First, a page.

At the most mundane level, the National Archives is just that–a
storage facility where a small percentage of federal documents and other
materials are sent, for legal or other reasons, to be kept for posterity.
But scratch the surface and it’s a trove of amazing treasures that has
captured even Hollywood’s imagination, as in the hit film National
Visitors from all over the world flock to the Archives’ main
building to see the Declaration of Independence, the Constitution, and the
Bill of Rights. Also under lock and key, and not for public view, are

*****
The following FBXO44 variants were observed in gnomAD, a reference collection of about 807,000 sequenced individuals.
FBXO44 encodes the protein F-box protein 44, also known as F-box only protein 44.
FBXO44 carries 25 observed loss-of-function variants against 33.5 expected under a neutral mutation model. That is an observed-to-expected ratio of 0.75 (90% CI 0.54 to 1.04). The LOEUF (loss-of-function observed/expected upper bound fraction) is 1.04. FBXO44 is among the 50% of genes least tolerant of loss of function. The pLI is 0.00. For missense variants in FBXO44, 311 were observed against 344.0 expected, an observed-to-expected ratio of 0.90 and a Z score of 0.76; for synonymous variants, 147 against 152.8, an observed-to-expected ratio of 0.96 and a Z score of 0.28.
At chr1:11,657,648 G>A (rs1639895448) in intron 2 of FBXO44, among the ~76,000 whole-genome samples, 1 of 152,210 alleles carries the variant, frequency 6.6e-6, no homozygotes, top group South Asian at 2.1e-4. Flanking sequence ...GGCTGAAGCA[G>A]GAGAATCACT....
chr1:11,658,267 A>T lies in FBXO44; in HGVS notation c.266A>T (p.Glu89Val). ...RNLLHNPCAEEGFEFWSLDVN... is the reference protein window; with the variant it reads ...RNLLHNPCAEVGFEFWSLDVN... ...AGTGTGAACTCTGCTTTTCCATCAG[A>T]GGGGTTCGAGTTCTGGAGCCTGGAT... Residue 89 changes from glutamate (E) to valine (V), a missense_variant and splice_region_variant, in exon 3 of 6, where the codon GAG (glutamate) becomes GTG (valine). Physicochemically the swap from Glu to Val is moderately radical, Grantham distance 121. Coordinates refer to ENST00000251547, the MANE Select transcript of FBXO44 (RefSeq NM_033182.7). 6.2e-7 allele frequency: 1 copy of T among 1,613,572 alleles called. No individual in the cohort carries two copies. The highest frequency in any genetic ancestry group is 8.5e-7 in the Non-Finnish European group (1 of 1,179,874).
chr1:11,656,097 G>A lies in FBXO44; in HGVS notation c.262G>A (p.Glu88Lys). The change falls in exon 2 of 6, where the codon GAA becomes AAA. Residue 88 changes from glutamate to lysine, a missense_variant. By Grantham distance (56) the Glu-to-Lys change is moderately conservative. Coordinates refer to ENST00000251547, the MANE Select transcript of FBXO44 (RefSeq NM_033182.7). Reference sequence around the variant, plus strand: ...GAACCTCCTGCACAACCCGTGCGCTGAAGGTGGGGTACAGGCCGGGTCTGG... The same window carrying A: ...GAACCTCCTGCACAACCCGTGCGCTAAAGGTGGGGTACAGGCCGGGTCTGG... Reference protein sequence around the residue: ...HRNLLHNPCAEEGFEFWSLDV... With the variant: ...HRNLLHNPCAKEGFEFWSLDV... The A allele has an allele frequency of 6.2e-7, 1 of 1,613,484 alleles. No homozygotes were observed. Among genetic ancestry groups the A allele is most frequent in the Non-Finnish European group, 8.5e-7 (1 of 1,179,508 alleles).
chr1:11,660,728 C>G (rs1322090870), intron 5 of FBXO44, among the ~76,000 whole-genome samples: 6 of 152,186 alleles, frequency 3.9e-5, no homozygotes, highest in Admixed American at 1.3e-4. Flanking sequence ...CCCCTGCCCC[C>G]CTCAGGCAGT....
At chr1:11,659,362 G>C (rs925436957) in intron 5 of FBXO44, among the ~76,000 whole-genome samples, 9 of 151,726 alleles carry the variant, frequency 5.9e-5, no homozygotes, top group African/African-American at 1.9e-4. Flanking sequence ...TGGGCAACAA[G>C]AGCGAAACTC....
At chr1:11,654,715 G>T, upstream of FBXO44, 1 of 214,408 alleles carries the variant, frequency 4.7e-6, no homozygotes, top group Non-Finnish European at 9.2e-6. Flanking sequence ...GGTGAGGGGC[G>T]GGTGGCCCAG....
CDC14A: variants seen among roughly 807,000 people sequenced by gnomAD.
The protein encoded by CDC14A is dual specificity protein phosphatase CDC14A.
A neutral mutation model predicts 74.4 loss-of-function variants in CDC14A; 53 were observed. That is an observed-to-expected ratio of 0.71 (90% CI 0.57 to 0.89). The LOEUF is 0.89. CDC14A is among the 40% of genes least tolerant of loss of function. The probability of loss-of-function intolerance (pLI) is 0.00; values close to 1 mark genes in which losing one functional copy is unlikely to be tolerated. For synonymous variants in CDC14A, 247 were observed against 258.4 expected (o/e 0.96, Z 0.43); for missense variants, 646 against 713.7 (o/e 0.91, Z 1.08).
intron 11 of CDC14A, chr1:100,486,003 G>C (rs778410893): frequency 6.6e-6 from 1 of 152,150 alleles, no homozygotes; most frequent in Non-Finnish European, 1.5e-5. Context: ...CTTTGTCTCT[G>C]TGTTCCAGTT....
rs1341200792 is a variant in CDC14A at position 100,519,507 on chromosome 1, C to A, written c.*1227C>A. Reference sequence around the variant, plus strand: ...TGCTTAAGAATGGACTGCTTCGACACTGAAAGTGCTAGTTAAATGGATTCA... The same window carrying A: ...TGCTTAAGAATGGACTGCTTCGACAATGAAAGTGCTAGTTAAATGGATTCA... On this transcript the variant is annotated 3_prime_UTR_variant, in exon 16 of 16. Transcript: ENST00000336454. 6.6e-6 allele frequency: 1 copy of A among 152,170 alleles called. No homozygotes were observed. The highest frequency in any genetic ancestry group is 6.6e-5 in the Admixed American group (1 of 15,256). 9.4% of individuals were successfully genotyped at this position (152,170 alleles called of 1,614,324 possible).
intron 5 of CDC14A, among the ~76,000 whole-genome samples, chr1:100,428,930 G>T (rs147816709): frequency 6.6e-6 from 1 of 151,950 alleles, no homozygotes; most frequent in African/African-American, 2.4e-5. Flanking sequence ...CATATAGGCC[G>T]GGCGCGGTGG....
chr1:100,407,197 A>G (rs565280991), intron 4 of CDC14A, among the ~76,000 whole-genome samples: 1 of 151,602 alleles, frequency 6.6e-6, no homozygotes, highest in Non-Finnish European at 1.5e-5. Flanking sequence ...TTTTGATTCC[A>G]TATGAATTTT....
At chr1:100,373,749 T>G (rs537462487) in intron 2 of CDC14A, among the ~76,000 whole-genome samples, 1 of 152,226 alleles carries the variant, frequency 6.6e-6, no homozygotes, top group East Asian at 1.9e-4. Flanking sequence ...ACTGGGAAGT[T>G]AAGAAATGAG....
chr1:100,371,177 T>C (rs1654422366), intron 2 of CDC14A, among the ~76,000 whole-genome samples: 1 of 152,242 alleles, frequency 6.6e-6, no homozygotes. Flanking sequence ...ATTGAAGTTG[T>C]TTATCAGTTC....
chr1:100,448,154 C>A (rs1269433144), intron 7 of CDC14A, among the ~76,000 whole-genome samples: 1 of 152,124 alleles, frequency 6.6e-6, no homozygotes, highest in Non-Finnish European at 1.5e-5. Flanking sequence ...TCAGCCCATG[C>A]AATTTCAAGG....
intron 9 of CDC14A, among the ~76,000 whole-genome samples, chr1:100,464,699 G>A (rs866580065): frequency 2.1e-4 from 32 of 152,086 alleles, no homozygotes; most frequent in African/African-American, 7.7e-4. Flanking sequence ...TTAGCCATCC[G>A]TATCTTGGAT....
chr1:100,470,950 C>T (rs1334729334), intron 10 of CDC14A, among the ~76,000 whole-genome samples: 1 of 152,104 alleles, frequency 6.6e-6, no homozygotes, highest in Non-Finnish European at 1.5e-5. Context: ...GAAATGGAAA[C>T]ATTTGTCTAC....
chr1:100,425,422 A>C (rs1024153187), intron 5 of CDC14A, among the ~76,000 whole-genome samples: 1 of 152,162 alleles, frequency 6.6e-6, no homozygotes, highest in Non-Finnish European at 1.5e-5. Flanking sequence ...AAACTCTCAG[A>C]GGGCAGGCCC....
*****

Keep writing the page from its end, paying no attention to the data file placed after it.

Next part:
items that were used in the Warren Commission investigation into
John F. Kennedy’s assassination, including the clothing
the President and his wife wore that day.
Behind the scenes in a special lab, experts restore precious
documents and objects to secure their longevity for
In this photograph, conservators examine 18th- and 19th-century
illustrated family records known as “frakturs.” In the foreground are
conservation technician Daniel Dancis and senior
conservator Morgan Zinsmeister, and behind them is senior
conservator Annie Wilker.
On the table to the right of Dancis and Zinsmeister is the
Treaty of Ghent, which ended the War of 1812; behind that is the Jay
Treaty of 1794, a contract for peace between the US and Great Britain,
also called the Treaty of London.
Beguiling to us, but just another day at the office for the
protectors of the nation’s treasures.
This article appears in the May 2012 issue of The Washingtonian.